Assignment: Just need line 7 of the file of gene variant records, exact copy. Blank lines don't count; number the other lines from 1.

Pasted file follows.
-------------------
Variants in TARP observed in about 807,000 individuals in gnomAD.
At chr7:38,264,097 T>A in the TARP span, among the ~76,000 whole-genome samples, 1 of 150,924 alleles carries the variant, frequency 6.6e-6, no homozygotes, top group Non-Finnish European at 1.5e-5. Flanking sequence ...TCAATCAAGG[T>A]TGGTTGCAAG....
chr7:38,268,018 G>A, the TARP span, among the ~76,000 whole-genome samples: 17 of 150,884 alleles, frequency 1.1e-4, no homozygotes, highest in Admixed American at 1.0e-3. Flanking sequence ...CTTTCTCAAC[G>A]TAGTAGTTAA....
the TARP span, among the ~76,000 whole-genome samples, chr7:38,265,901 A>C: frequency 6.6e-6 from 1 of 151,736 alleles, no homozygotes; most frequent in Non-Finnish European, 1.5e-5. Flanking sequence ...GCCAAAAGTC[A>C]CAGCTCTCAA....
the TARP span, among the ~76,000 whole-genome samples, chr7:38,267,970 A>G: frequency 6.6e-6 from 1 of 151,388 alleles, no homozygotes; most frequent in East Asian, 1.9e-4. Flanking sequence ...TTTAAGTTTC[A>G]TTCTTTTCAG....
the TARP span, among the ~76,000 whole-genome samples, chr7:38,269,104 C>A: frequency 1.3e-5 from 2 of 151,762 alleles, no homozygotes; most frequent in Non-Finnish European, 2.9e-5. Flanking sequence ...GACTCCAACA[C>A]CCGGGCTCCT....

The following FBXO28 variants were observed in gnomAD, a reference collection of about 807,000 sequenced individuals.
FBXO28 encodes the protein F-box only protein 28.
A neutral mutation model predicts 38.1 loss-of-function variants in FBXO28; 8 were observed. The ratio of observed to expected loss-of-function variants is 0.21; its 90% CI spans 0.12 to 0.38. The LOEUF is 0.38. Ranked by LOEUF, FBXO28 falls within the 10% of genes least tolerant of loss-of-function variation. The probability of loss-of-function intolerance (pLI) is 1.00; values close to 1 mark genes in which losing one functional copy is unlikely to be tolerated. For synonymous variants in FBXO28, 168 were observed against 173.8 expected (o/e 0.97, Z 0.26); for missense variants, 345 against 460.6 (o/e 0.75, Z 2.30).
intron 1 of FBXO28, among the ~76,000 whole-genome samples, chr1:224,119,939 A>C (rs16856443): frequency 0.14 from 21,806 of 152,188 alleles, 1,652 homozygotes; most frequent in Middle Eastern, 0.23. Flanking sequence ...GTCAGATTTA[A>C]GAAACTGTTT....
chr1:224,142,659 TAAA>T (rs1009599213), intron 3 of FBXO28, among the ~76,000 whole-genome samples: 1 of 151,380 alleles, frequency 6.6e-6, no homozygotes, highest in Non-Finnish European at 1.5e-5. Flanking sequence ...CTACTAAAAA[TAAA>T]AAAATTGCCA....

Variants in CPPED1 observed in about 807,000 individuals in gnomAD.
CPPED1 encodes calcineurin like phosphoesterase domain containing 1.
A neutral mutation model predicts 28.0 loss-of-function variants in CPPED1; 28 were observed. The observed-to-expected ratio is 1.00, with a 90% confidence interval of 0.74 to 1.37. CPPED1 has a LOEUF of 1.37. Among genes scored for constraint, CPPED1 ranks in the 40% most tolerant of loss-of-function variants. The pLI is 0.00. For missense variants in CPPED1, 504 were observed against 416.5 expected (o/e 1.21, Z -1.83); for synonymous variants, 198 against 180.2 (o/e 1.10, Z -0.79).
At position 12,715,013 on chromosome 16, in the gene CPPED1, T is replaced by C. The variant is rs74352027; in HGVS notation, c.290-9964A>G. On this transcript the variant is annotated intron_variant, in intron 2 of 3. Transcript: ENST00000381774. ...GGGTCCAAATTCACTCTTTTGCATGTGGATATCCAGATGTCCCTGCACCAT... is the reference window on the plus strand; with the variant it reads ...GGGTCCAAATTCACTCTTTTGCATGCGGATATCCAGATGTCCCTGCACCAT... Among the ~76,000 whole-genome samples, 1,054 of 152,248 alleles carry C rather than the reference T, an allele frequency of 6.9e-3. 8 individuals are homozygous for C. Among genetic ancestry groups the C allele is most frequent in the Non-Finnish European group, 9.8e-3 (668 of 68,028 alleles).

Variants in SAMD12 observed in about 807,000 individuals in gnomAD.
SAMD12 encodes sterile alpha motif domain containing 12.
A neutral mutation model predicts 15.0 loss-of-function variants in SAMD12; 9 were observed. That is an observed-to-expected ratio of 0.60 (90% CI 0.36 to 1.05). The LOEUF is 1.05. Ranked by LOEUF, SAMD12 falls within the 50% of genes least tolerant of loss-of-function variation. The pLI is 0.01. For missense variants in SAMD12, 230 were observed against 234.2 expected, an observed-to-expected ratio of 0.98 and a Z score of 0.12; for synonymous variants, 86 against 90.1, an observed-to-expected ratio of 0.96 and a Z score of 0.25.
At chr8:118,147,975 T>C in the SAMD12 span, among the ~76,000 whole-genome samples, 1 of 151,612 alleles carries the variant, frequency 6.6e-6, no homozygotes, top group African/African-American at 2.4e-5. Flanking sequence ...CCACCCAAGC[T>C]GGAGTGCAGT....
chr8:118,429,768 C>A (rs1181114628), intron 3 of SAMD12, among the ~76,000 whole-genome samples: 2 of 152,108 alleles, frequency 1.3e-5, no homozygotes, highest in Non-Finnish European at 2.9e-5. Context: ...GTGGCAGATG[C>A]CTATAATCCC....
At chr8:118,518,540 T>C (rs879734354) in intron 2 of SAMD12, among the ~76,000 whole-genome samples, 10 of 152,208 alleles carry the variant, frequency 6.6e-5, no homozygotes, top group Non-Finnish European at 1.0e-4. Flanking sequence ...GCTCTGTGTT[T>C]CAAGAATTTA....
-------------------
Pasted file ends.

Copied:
The following FBXO28 variants were observed in gnomAD, a reference collection of about 807,000 sequenced individuals.